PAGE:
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Hogan's Heroes

The Flame Grows Higher

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The Flame Grows Higher
Series: Hogan's Heroes
Episode: The Flame Grows Higher
Original Airdate: April 22, 1966
Production Number: 5784-30
Written by: Laurence Marks, David Chandler & Jack H. Robinson
Directed by: Howard Morris
Produced by: Edward H. Feldman & Bernard Fein

Regular Edit

Prisoners Edit

Camp Personnel Edit

Semi-Regulars Edit

Guest Stars Edit

Synopsis Edit

When a POW is caught at the next processing location, Hogan suspects there is a traitor in the underground. Newkirk and LeBeau joins him to find out where it is.

Story Notes Edit

  • This is the thirtieth produced episode of the series, but is the thirty-first episode to be shown on television.

Timeline Notes and Speculations Edit

  • A date sometime in 1943 appears to be implied for this episode.
  • Newkirk reveals that he has been a prisoner at Stalag 13 for two years ("I'd rather watch one of those girls - it's been two years!"). This would date his arrival at the camp to late 1941, making him one of the first of our heroes to arrive there.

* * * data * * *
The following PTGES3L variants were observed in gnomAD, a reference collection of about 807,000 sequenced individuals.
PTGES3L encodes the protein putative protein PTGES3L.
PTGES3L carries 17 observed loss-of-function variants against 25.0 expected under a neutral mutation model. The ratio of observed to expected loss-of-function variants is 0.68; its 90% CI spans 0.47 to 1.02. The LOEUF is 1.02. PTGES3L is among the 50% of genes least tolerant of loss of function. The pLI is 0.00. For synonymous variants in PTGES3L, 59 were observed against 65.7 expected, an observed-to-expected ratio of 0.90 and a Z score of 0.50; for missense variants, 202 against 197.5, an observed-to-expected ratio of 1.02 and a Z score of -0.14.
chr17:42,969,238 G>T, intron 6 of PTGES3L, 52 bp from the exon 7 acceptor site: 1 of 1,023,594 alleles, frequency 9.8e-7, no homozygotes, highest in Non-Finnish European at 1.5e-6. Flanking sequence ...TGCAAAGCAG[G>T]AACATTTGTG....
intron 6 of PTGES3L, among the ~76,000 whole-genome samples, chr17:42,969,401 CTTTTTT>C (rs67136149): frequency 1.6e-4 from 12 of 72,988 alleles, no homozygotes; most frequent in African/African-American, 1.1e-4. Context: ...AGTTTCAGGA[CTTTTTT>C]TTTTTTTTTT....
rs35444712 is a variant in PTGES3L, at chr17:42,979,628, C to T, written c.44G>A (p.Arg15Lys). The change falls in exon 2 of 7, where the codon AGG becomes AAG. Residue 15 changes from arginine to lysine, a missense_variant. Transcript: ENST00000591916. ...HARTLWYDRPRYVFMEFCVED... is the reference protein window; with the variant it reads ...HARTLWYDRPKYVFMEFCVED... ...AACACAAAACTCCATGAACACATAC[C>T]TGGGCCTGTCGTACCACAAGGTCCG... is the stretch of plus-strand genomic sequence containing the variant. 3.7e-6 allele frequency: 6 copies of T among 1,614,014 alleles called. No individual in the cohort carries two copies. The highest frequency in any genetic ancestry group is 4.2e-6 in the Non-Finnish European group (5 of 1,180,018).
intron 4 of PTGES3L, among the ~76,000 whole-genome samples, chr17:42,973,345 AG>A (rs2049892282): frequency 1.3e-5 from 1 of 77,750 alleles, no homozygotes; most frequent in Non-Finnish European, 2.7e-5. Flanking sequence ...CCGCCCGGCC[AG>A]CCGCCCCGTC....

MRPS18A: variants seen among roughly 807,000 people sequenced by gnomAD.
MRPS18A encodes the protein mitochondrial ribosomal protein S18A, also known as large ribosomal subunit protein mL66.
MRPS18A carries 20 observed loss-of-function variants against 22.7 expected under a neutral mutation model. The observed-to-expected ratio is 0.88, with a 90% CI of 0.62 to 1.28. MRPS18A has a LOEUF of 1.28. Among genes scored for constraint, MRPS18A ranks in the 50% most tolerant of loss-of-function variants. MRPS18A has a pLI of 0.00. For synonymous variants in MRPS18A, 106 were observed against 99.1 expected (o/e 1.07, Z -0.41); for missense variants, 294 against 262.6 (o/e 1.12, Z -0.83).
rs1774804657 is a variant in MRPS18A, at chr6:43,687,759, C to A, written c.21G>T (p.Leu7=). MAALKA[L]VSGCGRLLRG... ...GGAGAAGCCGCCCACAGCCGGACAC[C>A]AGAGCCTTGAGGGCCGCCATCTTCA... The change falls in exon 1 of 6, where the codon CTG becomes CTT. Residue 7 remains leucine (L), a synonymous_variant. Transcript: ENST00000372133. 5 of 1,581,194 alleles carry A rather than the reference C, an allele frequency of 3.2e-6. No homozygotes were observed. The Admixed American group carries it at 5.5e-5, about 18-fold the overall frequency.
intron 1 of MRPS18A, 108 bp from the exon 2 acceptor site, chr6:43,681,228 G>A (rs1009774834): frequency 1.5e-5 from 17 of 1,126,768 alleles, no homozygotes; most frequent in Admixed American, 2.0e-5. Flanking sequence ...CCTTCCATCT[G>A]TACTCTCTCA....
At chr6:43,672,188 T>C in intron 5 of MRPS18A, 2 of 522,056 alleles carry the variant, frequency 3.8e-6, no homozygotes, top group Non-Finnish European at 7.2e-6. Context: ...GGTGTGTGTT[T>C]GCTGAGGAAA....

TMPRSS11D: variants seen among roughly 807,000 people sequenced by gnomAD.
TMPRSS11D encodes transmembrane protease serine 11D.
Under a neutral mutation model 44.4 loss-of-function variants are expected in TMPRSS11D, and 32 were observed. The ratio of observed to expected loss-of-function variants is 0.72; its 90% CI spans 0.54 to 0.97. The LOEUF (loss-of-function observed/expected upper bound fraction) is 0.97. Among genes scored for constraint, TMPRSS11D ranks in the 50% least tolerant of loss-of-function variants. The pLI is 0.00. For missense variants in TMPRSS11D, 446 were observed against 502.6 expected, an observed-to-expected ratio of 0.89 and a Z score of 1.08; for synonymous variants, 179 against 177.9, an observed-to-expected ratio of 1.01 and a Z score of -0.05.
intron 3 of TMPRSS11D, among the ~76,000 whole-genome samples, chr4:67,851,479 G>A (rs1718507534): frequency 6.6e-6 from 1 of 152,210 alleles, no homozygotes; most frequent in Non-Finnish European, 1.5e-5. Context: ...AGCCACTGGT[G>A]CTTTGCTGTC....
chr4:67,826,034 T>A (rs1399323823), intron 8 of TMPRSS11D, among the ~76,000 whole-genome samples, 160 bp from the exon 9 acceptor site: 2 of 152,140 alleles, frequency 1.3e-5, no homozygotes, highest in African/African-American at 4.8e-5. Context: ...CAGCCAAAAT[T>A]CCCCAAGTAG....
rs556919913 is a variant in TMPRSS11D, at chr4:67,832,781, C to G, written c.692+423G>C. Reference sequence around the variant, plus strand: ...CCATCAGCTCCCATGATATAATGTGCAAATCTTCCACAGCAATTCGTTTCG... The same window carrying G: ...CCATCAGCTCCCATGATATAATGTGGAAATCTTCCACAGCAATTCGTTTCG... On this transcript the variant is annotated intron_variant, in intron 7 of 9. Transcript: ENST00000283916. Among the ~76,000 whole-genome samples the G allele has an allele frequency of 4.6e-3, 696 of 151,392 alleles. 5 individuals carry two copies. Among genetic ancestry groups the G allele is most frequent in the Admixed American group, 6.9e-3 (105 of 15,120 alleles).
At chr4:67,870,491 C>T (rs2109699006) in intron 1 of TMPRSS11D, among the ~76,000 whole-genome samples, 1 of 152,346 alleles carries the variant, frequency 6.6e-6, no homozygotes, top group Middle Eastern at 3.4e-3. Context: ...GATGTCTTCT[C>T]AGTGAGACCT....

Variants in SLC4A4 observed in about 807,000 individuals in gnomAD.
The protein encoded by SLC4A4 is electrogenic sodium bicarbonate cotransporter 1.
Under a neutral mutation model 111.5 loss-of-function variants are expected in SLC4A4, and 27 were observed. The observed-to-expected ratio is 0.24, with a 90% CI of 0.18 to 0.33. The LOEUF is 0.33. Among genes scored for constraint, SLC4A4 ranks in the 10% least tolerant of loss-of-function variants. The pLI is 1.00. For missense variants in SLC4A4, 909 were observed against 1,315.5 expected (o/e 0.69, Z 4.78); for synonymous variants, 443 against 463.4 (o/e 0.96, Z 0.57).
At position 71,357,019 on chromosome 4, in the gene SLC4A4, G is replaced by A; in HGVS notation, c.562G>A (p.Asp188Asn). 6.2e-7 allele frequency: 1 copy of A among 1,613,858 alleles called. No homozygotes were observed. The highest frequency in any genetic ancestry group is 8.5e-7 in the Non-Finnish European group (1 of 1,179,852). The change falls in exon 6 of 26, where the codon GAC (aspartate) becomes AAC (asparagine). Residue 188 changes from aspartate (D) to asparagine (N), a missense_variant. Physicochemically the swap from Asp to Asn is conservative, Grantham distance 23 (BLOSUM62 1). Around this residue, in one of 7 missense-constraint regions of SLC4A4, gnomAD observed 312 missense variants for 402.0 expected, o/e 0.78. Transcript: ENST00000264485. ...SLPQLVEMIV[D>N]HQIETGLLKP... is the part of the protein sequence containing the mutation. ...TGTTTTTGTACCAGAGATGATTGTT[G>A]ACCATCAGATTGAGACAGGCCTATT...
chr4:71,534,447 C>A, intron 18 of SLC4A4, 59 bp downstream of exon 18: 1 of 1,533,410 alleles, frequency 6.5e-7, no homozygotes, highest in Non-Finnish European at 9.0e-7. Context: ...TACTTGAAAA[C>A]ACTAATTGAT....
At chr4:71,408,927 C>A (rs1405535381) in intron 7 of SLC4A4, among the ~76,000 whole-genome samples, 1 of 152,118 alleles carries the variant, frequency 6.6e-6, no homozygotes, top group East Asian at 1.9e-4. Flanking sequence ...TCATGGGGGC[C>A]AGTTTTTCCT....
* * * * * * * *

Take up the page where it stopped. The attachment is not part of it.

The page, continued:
• Newkirk's command of German is tolerable by this point, although it draws a somewhat sarcastic comment from Hogan.
  • This is the first time we learn that not all of the rescue operations of our heroes were successful. They lost their first reprocessed airman to the gentle hands of the SS six months before this episode takes place. The second was Captain Warren, two weeks prior to this episode. It is also possible that these captures might have had something to do with the subsequent Gestapo hunt of the underground in Düsseldorf, per Everyone Has a Brother-in-Law.)
  • When Hogan is playing Schultz and Klink against each other, he mentions (to Schultz) "...I understand that [the Wehrmacht] has a tank in your size now!" This may be an oblique, if unintentional, reference to the Panzerkampfwagen VIII Maus, which was undergoing construction during this time period. The Maus was the largest tank ever built, and only two hulls and one turret were ever made. At more than 200 metric tons, it weighed more than three times that of the modern Abrams M1 main battle tank, which weighs 60.4 metric tons.

Quotes Edit

Bloopers Edit

External links Edit

Previous episode:
Cupid Comes to Stalag 13
Next episode:
Request Permission to Escape

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